The addition of oxygen to perylene may be cited as an example of a photochemical disactivation. Perylene, in the presence of ozone, is photochemicaly disactivated under the influence of an ultraviolet radiation having a wavelength of 254 nm within a period of time, in which no disactivation at all can be proved without radiation. Besides the photochemical disactivation, a photochemic activation is possible as well.

If a disactivation or an activation by a photoemitting light source itself is not desired, such effect may be avoided e.g. by removing the corresponding gaseous reactants from the gas prior to the photoemission. This can be done by means of a diffusion separator, e.g. as it is disclosed in reference (3). Another possibility to suppress photochemical reactions during the photoemission may consist in keeping the radiation duration short. In the case of analyzing automotive exhaust gases, this has been successfully tried by using a xenon flash bulb with a flash impulse period of 2 ms; please cf. reference (4).

If an additional lamp is used to initialize the photochemical reaction, an undesired photoelectric charging of the particles may occur even during this step, if the applied light has a certain amount of radiation in the UV-region. However, subsequently, a well defined charge situation may be reinstated. A well known method therefor is the application of an aerosol neutralizer, as it is disclosed, e.g. in reference (5). By the application of such a neutralizer, positive and negative ions are generated in the gas under the influence of radioactive α-, β-or γ-radiation, which recombine with the charge of the particles. Another possibility is to remove all particles, which are undesiredly charged, from the aerosol by means of an electric field and to collect them on electrodes. A neutralization of the aerosol prior to the step of photoemission may also be desired if the aerosol is already charged, either due to the nature of its generation or initially.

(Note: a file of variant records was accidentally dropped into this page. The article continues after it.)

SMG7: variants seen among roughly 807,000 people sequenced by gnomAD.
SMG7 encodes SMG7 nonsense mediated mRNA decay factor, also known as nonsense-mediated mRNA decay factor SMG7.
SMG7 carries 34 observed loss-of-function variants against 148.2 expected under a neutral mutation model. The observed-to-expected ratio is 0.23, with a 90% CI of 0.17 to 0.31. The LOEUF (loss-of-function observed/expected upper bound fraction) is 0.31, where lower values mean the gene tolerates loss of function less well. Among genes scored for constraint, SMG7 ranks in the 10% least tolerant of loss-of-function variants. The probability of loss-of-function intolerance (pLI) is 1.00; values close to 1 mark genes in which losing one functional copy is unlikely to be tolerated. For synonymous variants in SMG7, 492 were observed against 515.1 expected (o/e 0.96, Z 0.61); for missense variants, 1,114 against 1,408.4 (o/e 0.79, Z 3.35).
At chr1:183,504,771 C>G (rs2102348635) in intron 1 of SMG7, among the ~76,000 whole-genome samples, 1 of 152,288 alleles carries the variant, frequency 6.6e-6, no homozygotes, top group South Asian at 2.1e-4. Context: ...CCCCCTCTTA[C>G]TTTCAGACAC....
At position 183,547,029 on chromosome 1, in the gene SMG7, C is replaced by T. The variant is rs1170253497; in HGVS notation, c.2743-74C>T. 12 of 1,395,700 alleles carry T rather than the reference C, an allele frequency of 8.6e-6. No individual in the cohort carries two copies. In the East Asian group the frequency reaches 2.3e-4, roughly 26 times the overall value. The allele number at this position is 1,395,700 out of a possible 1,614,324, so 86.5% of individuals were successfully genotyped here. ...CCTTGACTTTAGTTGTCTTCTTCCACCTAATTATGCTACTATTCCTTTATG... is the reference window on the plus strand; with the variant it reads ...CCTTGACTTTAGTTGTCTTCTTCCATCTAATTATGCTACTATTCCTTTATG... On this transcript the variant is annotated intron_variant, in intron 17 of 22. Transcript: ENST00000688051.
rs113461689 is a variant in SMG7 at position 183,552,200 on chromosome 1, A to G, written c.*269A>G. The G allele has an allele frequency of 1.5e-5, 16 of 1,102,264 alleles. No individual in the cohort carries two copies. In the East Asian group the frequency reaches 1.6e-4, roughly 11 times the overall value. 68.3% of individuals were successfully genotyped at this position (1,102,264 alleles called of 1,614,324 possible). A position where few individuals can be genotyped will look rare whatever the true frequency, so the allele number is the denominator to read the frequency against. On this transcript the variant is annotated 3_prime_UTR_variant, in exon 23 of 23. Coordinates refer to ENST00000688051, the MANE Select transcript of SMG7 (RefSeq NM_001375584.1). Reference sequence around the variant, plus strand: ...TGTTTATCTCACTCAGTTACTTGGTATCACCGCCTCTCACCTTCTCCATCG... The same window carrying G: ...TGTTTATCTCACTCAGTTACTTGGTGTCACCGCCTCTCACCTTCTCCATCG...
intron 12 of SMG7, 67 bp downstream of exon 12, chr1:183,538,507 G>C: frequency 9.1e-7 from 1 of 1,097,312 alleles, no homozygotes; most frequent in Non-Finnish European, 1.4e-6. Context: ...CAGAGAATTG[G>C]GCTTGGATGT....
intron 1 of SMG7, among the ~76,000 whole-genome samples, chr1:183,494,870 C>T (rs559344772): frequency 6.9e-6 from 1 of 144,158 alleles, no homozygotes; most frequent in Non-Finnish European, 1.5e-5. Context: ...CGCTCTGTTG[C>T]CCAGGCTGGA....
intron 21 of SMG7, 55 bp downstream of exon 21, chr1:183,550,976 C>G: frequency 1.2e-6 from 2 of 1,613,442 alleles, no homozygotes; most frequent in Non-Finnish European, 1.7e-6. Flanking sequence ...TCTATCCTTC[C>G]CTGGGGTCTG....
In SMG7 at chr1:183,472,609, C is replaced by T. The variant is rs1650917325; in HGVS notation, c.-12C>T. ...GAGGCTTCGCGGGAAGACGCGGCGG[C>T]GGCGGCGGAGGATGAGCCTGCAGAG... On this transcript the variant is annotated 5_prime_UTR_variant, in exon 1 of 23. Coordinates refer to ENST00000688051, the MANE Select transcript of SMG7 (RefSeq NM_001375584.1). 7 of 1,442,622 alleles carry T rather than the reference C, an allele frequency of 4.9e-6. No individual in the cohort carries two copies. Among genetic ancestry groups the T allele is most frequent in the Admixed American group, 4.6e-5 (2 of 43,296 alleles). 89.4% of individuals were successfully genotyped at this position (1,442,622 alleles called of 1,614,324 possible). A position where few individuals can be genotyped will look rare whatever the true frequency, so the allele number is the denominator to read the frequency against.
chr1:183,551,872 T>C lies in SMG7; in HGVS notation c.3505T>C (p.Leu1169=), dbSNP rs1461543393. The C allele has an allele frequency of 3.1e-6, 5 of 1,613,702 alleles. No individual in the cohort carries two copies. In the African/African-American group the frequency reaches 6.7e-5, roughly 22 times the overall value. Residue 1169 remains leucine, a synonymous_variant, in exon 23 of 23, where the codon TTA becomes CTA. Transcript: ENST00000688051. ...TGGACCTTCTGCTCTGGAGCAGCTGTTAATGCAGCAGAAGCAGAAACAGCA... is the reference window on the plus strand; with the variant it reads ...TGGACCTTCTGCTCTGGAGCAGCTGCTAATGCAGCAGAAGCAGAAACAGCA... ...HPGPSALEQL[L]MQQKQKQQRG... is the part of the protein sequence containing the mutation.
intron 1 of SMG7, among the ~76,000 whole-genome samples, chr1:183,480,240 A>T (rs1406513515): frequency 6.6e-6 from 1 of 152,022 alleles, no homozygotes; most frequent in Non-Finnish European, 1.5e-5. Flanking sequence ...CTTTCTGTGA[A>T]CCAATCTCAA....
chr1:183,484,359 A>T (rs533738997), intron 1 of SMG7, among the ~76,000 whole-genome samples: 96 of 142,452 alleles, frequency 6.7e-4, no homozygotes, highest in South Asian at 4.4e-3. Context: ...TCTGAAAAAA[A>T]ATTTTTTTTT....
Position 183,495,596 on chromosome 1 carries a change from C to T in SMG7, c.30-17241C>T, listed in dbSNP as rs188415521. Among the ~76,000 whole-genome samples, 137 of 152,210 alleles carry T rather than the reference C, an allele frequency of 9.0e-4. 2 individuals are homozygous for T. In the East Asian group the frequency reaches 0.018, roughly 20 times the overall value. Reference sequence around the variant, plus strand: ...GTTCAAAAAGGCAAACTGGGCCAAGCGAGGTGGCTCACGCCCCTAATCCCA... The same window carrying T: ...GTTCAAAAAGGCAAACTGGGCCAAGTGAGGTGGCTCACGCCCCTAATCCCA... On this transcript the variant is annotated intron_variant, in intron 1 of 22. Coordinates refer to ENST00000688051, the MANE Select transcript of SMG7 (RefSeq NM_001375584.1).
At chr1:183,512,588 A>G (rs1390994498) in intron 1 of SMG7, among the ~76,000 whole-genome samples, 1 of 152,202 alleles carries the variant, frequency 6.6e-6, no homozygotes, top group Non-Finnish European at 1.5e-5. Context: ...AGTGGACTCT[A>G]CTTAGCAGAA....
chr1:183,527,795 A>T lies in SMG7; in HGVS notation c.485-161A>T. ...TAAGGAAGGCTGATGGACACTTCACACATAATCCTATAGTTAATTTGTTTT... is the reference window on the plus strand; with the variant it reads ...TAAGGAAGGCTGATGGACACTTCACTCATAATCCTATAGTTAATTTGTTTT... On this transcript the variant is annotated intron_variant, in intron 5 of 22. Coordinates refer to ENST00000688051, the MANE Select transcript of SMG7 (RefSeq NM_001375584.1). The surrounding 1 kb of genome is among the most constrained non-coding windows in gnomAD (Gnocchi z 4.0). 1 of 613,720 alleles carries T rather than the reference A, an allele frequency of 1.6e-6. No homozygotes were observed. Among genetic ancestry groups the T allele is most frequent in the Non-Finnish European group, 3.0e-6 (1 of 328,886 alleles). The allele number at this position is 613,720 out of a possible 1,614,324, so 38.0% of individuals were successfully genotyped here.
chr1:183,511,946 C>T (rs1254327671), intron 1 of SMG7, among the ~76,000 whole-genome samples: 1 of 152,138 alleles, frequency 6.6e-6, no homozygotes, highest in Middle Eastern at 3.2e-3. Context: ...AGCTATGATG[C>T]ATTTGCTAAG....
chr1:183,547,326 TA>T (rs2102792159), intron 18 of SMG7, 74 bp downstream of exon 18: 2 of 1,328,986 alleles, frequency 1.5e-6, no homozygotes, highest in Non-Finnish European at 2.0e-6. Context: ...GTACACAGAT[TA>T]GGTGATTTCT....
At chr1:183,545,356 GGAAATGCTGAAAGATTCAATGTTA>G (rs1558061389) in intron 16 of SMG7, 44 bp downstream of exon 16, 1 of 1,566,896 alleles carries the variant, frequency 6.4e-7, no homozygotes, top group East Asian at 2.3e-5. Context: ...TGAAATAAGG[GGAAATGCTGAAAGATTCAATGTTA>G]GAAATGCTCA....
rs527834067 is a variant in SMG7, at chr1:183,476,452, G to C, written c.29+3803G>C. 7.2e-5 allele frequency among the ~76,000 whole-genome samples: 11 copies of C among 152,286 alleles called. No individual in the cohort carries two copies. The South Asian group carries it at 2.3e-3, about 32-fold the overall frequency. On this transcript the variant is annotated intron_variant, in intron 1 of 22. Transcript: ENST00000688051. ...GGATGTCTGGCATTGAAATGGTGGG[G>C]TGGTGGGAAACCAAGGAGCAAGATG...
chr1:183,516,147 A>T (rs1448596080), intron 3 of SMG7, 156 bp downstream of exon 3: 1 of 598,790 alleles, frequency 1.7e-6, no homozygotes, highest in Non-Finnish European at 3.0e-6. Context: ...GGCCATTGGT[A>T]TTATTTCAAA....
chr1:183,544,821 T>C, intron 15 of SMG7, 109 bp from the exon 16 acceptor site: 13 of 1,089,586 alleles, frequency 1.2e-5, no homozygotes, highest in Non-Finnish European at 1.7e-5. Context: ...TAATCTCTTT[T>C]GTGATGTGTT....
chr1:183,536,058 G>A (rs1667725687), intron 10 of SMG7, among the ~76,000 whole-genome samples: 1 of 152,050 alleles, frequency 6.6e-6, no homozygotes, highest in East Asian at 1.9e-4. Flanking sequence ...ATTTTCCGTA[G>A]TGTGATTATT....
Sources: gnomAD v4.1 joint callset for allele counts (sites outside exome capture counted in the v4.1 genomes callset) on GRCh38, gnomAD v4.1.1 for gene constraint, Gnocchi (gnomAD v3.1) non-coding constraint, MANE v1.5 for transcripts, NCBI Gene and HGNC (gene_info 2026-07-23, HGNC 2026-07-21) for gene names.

Another possibility to modify the aerosol specifically with regard to the substance may be seen in the step to expose the surface of the particles to a radiation without admixing any gaseous reactants. As an example, the photochemical dissociation of silverchloride may be cited, whereby particles consisting of elementary silver are obtained. The photoelectric activity is increased in this process.

The surface of the particles may be characterized, in one step or in several consecutive steps, if the gases to be admixed as agents and/or the spectra of the radiation for the photochemical modification and for the photoemission are chosen and varied in a suitable way.

Besides the characterization of aerosols, particularly the characterization of the small solid particles suspended in the gaseous carrier, the method according to the invention may be successfully used for determining the presence of a gas in a gaseous carrier and for the characterization of such gas, if present. To this purpose, the gaseous carrier, e.g. the atmospheric air, is mixed with an aerosol of predetermined, known composition. The photoelectric activity of the known aerosol will change because the gas to be detected or examined will adsorb to the particles of the known aerosol, thereby modifying the photoelectric behaviour of the particles in a certain manner which is typical for the gas to be characterized. With the method according to the present invention, gas traces may be detected with an extremely high sensitivity: The measuring limit corresponds approximately to one monolayer on ten particles each per cm3, corresponding to 10-18 g/cm3.